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It's been more than a decade since the Premier League first introduced goal-line technology, working with the Hawk-Eye system that uses multiple cameras to track the ball and alert the referee — in real time — whether a ball has crossed the goal line.

Saturday night, Minnesota United probably wished that MLS would spring for the technology as well.

Wil Trapp's 34th-minute shot probably didn't cross the line; replays made it appear that the ball was only part way over. Jordan Adebayo-Smith's 99th-minute header probably also didn't cross the line; Houston goalkeeper Steve Clark made a sprawling save to claw the ball out of the corner of the goal, and there was no camera angle that could confirm whether he'd done so before the entire ball was over the goal line.

But "probably" is a long way from "definitely."

Trapp, who had the best view of anyone of his chance, wasn't willing to claim the goal. "I think it was close," he said, drawing out the last word to indicate how close it might have been. "Without goal-line technology, you're working off cameras. I think for me, you just go with whatever they decided, but I don't think it went all the way over."

Given that MLS just endured a work stoppage with its referees in which the league fought the officials over every nickel and dime, it seems unlikely that they're about to spring for the cost of installing the Hawk-Eye system in 29 stadiums.

For their part, nobody with Minnesota United was claiming that goal-line technology would have, or should have, given the home team an extra goal. "If they were over the line, it would have been great if we could have something automatic to tell us that," Loons coach Eric Ramsay said. "haven't seen the sort of necessary angle, but you sort of trust the officials have, and they've done their job."

As MLS continues to work to make itself into a world-class league, though, it's another thing the league needs to add to its punch list. Goal-line technology is one of the few ways in which technology has improved refereeing in soccer, and it'd be far better to know for near-certain, rather than force referees and video assistant referees to eyeball imperfect camera angles to try to decide.

Bacharach makes his first-team debut

The Loons were missing starting left-center back Micky Tapias due to injury, as well as veteran backup Zarek Valentin. Throw in a red-card suspension for starting left back Joseph Rosales, and it left them with few choices on the left side of their defense.

Their decision, in the end, was to push young defender Devin Padelford back to his natural spot at fullback and hand a debut to 22-year-old rookie center back Hugo Bacharach, the ninth pick in December's MLS SuperDraft. Bacharach couldn't sign officially until March due to administrative problems, and the Spaniard had played just one game in Minnesota colors before Saturday — for the Loons' second team, MNUFC2, in their 2-0 loss last week to the Michigan Stars in the U.S. Open Cup.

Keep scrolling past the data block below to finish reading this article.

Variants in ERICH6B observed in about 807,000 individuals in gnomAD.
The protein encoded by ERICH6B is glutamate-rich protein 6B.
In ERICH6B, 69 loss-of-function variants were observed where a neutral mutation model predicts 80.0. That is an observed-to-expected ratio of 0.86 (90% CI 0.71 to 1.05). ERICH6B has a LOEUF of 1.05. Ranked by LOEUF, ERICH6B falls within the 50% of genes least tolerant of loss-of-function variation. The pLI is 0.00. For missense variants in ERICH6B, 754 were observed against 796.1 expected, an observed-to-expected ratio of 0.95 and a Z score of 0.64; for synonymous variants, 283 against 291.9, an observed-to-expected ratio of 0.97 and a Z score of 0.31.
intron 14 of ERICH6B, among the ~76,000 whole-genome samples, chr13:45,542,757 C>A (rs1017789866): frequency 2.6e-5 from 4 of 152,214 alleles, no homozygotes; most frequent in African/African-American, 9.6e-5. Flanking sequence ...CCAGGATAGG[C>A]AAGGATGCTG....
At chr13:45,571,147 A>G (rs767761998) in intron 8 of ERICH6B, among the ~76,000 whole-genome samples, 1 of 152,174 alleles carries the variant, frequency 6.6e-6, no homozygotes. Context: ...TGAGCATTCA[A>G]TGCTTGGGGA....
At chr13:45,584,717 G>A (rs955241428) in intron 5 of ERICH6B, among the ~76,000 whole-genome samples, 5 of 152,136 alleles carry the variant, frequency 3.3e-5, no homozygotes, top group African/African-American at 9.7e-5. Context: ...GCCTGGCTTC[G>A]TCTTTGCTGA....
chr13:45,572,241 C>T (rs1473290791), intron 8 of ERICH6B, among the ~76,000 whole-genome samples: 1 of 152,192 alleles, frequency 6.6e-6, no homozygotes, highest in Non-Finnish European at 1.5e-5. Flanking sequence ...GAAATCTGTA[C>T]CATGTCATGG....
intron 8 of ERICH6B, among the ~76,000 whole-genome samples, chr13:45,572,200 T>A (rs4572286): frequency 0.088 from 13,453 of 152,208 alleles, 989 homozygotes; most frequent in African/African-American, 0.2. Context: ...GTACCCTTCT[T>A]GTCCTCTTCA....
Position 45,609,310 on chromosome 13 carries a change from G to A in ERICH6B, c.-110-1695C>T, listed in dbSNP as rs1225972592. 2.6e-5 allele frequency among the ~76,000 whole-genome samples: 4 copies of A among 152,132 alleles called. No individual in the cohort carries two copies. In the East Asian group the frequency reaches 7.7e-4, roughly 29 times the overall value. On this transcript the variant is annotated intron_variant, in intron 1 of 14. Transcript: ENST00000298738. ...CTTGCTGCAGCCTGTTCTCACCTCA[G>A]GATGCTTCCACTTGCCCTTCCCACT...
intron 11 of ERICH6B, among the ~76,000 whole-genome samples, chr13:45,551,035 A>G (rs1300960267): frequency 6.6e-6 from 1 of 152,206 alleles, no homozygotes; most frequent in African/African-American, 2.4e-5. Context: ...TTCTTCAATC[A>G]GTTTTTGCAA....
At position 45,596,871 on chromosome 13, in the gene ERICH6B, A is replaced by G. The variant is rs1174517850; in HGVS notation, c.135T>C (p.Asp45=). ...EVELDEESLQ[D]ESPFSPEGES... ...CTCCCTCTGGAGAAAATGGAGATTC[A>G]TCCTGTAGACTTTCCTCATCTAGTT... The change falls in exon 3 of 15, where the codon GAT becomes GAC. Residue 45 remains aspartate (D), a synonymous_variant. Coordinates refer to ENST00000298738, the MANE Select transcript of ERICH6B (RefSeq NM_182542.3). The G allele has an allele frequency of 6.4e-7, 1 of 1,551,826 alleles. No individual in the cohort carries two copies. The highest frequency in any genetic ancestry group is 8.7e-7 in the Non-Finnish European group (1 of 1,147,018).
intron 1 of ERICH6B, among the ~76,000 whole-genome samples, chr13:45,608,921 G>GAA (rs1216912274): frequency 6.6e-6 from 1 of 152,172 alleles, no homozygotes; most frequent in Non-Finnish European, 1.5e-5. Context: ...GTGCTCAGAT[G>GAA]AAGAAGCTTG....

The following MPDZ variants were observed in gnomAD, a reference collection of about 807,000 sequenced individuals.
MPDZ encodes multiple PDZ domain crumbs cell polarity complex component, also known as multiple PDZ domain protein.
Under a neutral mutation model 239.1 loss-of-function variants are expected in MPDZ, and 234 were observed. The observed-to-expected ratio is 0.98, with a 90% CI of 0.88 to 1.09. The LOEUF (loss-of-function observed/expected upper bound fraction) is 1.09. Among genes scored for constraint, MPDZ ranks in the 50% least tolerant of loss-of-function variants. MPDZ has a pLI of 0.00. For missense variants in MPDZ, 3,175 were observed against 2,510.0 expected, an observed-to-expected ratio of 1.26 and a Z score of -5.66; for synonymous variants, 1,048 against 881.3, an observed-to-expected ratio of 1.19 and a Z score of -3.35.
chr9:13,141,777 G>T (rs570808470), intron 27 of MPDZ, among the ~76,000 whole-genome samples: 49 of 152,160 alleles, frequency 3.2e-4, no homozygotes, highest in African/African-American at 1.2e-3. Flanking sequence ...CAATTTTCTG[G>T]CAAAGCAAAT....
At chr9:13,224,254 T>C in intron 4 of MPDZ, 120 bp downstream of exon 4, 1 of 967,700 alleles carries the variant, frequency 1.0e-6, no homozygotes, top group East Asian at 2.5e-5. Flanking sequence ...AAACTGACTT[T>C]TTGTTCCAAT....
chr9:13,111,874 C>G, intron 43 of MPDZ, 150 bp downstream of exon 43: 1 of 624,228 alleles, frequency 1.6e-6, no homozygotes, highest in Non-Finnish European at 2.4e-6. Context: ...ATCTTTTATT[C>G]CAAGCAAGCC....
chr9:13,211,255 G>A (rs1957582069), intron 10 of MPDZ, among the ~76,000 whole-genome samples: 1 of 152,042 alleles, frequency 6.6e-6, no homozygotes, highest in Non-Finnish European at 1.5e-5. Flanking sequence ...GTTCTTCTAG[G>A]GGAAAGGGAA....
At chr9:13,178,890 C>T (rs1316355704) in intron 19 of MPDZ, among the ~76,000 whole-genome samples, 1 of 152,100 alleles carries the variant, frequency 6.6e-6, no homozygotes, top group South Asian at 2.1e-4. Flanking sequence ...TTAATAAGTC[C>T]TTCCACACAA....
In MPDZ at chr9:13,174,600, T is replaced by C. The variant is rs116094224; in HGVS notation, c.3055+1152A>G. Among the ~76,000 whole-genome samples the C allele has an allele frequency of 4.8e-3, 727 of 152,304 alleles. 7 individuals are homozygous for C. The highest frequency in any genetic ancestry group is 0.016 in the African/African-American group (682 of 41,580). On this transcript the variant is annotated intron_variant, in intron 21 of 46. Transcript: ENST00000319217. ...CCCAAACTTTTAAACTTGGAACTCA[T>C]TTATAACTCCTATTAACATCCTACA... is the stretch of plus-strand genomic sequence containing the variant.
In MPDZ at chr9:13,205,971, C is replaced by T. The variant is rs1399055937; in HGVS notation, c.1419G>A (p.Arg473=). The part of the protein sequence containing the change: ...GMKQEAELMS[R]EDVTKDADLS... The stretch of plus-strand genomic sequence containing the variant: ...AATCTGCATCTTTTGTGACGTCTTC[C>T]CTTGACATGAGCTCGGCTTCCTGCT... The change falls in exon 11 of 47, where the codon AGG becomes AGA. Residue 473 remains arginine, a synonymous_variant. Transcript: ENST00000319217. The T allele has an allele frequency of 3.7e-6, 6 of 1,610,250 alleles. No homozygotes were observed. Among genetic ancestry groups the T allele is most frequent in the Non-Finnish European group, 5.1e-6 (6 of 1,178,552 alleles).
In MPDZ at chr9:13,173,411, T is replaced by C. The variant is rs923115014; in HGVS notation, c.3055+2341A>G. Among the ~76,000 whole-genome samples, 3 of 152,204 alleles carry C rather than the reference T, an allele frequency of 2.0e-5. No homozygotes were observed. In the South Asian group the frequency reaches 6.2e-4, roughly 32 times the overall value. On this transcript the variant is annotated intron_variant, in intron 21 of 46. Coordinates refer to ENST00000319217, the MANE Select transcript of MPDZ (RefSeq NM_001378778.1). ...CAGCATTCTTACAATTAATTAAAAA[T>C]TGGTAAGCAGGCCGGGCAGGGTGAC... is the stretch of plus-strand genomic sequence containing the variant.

"It's not easy to come in short notice and make your debut against a team that really values the ball and is going to challenge you," Trapp said. "For a first game, he should be proud of that."

Bacharach came to the Loons with both a Big Ten and a European pedigree. His college career included a year at Indiana (as well as three at Fairleigh Dickinson), but before his college career, he was part of Spanish giants Villareal's youth academy.

"Of course, like every debut, I had some nerves at first, but my teammates did a great job of trying to help me and tell me that I was good enough to be where I was," said Bacharach, who referred to captain Michael Boxall as "like a big brother" in helping him out.

He did a credible job in his debut, including a crunching — and legal — tackle on attacker Latif Blessing in his first 15 minutes. Houston's second goal won't go on his highlight reel, though — striker Sebastian Kowalczyk, one-on-one with Bacharach, managed to nutmeg the defender before blasting a long-range strike past Dayne St. Clair for the game-winner.

"He did really, really well," Ramsay said. "There were some minor moments, where you [would] look at and think perhaps he would make a different decision or use the ball in a different way, but largely for an MLS debut it was really impressive."

Rey-no-show in jersey form, too

Before the game, I thought I'd go talk to a few Emanuel Reynoso believers, by chatting with the fans who were still sporting the jersey of MNUFC's AWOL star player.

The only problem? Finding anybody in a Reynoso jersey.

There were none waiting at the players' entrance before the gates opened. There were none in the stadium's Brew Hall, an hour prior to kickoff. I found people wearing number 10 for both Lionel Messi and Loons legend Miguel Ibarra before I managed to find anyone with the shirt of the Loons' current number 10.

Eventually, I did track down fan Pat Benner, who noted that he doesn't have the best history of picking players for his Loons jerseys. "My jersey before this one was Francisco Calvo," he said.

Benner did try to see the best of Reynoso, noting that if he left to get his green card, he must be planning to be in MLS for awhile. Eventually, though, he couldn't stay positive. "Maybe [Reynoso] feels like he's too big for the club," he said.